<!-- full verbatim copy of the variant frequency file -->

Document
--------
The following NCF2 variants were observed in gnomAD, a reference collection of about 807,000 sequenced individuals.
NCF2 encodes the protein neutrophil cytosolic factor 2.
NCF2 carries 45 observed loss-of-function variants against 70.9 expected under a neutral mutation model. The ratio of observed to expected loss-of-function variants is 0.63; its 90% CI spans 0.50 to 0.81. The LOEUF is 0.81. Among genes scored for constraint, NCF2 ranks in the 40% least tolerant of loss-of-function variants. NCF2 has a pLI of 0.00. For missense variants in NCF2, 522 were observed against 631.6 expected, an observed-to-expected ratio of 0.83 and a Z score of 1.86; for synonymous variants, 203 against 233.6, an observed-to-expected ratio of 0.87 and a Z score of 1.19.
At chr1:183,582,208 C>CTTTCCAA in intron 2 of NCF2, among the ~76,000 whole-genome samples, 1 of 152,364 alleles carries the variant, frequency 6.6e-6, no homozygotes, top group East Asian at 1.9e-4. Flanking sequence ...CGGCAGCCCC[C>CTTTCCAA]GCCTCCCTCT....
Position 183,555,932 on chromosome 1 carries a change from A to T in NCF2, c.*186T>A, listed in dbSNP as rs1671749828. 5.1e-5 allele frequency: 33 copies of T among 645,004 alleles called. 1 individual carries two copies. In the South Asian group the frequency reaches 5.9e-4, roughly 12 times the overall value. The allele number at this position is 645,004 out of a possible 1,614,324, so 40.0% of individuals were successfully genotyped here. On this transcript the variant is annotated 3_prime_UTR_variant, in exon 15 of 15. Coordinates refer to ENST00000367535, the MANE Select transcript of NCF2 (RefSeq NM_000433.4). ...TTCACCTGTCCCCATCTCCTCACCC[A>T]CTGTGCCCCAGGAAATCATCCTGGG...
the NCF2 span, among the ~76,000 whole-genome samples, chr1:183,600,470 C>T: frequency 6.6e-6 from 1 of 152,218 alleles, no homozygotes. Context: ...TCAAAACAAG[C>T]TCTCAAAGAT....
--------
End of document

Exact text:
The following NCF2 variants were observed in gnomAD, a reference collection of about 807,000 sequenced individuals.
NCF2 encodes the protein neutrophil cytosolic factor 2.
NCF2 carries 45 observed loss-of-function variants against 70.9 expected under a neutral mutation model. The ratio of observed to expected loss-of-function variants is 0.63; its 90% CI spans 0.50 to 0.81. The LOEUF is 0.81. Among genes scored for constraint, NCF2 ranks in the 40% least tolerant of loss-of-function variants. NCF2 has a pLI of 0.00. For missense variants in NCF2, 522 were observed against 631.6 expected, an observed-to-expected ratio of 0.83 and a Z score of 1.86; for synonymous variants, 203 against 233.6, an observed-to-expected ratio of 0.87 and a Z score of 1.19.
At chr1:183,582,208 C>CTTTCCAA in intron 2 of NCF2, among the ~76,000 whole-genome samples, 1 of 152,364 alleles carries the variant, frequency 6.6e-6, no homozygotes, top group East Asian at 1.9e-4. Flanking sequence ...CGGCAGCCCC[C>CTTTCCAA]GCCTCCCTCT....
Position 183,555,932 on chromosome 1 carries a change from A to T in NCF2, c.*186T>A, listed in dbSNP as rs1671749828. 5.1e-5 allele frequency: 33 copies of T among 645,004 alleles called. 1 individual carries two copies. In the South Asian group the frequency reaches 5.9e-4, roughly 12 times the overall value. The allele number at this position is 645,004 out of a possible 1,614,324, so 40.0% of individuals were successfully genotyped here. On this transcript the variant is annotated 3_prime_UTR_variant, in exon 15 of 15. Coordinates refer to ENST00000367535, the MANE Select transcript of NCF2 (RefSeq NM_000433.4). ...TTCACCTGTCCCCATCTCCTCACCC[A>T]CTGTGCCCCAGGAAATCATCCTGGG...
the NCF2 span, among the ~76,000 whole-genome samples, chr1:183,600,470 C>T: frequency 6.6e-6 from 1 of 152,218 alleles, no homozygotes. Context: ...TCAAAACAAG[C>T]TCTCAAAGAT....